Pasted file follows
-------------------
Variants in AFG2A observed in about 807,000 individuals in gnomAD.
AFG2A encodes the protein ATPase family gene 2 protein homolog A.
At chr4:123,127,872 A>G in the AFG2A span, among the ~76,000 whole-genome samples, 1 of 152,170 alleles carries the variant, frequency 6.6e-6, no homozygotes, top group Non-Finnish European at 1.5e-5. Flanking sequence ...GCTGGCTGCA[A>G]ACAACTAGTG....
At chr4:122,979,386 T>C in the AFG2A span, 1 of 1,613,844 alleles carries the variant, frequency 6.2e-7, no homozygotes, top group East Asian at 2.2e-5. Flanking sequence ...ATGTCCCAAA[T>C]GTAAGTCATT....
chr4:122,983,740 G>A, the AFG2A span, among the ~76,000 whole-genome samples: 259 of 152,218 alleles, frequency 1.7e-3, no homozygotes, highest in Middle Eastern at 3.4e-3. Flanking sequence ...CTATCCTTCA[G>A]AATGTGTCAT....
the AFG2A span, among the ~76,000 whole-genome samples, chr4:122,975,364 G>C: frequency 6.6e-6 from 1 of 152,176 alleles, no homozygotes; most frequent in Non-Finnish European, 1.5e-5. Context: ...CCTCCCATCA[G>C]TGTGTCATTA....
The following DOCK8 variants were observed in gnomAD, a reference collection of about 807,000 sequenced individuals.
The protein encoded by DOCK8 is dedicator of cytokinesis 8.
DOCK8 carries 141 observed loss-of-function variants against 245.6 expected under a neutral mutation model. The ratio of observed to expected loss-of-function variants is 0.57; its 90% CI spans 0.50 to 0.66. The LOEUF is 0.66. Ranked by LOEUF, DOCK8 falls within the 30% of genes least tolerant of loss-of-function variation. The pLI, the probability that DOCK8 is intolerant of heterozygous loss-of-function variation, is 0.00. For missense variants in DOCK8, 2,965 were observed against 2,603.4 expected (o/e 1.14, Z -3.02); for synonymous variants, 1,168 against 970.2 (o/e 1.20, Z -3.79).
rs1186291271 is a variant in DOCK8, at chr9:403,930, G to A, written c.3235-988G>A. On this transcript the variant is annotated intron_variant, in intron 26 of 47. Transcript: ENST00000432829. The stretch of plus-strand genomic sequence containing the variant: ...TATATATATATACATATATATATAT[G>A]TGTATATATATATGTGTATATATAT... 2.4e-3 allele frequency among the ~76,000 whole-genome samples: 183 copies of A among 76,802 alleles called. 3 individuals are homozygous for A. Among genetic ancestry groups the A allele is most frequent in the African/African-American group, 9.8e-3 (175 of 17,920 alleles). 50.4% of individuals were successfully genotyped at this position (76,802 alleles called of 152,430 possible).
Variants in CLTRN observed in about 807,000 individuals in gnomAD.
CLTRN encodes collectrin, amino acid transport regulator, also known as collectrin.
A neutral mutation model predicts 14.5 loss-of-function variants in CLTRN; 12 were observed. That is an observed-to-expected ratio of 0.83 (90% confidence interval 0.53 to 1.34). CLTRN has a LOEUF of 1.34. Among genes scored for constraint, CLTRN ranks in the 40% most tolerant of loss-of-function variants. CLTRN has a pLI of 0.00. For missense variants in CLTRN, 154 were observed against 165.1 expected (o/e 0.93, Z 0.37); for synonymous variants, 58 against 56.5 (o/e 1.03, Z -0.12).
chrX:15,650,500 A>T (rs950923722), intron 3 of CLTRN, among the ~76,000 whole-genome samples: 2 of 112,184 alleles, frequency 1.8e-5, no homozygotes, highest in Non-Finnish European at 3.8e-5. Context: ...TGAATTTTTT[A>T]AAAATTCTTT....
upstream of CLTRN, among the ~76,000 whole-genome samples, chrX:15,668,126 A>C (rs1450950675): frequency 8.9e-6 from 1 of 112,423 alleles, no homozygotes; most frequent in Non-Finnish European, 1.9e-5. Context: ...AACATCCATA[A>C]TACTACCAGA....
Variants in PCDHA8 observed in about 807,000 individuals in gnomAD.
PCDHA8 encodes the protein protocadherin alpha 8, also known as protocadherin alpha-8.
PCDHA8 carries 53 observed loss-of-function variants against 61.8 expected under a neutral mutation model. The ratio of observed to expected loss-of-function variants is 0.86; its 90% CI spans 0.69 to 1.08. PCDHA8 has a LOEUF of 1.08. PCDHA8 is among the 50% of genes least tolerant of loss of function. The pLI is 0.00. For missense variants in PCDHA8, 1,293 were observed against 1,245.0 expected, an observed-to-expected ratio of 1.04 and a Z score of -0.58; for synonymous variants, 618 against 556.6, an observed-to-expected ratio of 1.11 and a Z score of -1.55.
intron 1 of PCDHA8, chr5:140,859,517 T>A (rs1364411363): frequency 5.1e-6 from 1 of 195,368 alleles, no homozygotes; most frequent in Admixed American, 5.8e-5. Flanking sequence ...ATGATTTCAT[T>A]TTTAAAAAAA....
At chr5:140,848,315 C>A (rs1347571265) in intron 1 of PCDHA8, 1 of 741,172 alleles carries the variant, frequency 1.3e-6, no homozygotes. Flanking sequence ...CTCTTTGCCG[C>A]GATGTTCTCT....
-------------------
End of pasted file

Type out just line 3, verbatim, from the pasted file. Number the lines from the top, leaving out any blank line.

At chr4:123,127,872 A>G in the AFG2A span, among the ~76,000 whole-genome samples, 1 of 152,170 alleles carries the variant, frequency 6.6e-6, no homozygotes, top group Non-Finnish European at 1.5e-5. Flanking sequence ...GCTGGCTGCA[A>G]ACAACTAGTG....